Behind every glory there is a story. Every juicy fruit was once only a beautiful flower whose pollination made the difference. Every long journey was once only a stride but the voyager’s reseal;eoience made the difference! For us, Love was the Divine pollen grain and God’s grace made the difference. Here goes our story.
We first met in Nairobi during a church function several years back. A good friend of mine nudged me,
“Maurice, look at that girl!”
At that first glance, I beheld a Queen in her Royal Majesty! She was standing at the outer upper corner of the sanctuary, not too far from the main entrance, perhaps having a good chat with two friends. She rocked a greenish African print skirt with a black short sleeved blouse. Her hair was so black, so rich and so long I mistook it for those Brazilian things in African markets – I was wrong. Before I knew it, I was staring. Naturally, our eyes met. I didn’t know whether to grin or smile, so I assumed I didn’t see her. But that was the most daunting assumption of my life. How do you assume nothing has happened when you have just seen an angel only short of wings? Her eyes spelt deep calmness laced with kindness. she was a bit laid back but her demeanor was all gracious. She had this thick, pink lower lip that formed a smoothly curved based for the upper one, and which perfectly matched her light skin tone. She wasn’t loud, seemed to listen more than talk. Impressive, I chuckled. You wouldn’t easily notice her except for her stunningly radiant beauty that betrayed her quietude before the sons of men.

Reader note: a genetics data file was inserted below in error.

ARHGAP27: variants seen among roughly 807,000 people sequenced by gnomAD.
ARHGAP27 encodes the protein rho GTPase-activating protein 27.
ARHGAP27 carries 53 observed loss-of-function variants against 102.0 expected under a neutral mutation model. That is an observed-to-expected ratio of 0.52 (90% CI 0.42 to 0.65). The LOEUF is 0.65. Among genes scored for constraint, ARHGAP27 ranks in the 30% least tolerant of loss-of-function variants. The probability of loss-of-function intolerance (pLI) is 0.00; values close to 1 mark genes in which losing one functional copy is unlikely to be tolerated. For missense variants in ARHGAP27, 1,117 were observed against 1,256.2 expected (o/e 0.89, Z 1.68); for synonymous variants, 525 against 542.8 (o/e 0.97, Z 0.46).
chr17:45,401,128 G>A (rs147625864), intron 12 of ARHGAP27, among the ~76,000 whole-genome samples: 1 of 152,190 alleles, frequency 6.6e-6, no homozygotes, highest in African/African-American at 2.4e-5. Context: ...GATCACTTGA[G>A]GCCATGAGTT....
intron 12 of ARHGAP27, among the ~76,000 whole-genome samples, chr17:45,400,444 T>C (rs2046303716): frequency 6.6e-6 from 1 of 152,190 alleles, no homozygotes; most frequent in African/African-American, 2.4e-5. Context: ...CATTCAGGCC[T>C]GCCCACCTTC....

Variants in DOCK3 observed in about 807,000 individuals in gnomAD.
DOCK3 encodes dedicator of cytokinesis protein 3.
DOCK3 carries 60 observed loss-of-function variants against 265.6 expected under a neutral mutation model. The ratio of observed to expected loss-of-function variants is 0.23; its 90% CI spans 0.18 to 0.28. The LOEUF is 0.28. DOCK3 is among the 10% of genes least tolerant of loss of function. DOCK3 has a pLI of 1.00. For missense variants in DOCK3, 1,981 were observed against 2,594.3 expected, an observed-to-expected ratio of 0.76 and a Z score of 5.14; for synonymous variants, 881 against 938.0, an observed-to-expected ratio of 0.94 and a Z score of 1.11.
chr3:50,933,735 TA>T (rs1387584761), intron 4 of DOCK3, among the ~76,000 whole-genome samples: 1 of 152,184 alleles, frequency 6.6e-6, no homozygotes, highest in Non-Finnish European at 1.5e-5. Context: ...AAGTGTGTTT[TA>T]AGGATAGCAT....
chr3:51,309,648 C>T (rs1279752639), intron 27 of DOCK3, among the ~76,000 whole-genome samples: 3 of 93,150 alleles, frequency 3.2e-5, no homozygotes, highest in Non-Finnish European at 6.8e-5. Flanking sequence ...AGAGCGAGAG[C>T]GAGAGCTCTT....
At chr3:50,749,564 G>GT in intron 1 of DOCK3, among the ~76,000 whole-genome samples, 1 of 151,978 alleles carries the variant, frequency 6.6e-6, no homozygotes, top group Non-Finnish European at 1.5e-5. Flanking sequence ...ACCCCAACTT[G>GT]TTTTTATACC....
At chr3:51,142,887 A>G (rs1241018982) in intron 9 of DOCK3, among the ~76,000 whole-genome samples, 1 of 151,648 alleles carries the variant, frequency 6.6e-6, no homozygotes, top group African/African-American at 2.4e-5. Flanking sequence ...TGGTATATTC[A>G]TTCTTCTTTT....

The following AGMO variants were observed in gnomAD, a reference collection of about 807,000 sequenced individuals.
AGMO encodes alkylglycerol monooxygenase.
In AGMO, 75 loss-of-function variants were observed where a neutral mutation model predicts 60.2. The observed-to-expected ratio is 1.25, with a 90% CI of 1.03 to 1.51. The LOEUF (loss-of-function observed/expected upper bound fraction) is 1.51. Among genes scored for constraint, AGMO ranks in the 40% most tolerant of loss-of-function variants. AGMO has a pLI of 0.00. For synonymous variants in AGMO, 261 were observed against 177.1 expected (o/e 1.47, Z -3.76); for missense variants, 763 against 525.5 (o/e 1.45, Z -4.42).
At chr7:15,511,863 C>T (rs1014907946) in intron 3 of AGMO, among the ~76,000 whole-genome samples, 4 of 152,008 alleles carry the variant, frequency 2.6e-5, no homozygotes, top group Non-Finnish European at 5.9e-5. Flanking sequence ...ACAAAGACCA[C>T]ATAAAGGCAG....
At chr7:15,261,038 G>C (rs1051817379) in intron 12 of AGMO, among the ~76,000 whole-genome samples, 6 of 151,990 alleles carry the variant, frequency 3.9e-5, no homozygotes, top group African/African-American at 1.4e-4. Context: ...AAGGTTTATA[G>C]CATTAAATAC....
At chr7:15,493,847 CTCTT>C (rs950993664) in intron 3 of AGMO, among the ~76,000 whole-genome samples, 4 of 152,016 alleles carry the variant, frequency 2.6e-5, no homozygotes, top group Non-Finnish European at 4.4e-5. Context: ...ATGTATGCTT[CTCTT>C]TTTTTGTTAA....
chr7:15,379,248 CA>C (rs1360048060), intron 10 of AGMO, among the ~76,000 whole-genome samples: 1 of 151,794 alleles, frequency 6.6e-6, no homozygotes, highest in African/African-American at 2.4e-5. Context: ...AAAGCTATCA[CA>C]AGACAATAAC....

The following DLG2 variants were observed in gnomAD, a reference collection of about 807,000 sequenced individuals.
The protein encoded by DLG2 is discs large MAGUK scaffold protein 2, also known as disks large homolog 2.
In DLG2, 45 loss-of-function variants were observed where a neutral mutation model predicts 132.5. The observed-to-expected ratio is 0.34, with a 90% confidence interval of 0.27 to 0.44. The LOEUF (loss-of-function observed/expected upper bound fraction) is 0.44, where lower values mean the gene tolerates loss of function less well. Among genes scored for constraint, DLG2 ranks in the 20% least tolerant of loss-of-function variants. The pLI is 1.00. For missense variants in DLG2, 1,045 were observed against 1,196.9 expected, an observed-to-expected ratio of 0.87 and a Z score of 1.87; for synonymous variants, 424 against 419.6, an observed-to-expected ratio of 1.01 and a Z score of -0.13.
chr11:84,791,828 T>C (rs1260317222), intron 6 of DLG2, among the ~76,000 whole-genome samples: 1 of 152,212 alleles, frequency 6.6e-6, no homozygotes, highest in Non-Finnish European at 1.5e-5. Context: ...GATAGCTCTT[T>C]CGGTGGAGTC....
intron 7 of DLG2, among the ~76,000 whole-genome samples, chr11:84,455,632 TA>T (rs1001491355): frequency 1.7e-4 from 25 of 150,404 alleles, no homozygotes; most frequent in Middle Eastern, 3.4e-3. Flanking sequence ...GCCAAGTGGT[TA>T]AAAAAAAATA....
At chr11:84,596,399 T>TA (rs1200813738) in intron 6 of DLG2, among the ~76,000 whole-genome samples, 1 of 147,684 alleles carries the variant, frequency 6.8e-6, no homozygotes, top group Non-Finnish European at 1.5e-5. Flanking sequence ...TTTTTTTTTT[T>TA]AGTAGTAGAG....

My jaw dropped, but in keeping with good church manners (oh religion!), I maintained my cool and shot back at my pal,
“Ah stop it.”
She laughed and let me be.
Later, my pal and her hubby revisited the discussion about this girl whose name I didn’t even know (come to think of it, such friends are heavenly to say the least). Times without number, I quietly and secretly knelt and asked God to allow me to chance upon her again. Our next two meetings would be in a different church, both unplanned. But why church? I gave excuses for not making the first move. Church is not the place to ask girls their names and tell them that you like them, I rationalized. Maurice is the confident masculine guy oozing bravado and class. But he failed to make the move not once but thrice… damn! There was something unusual about this lady. There is.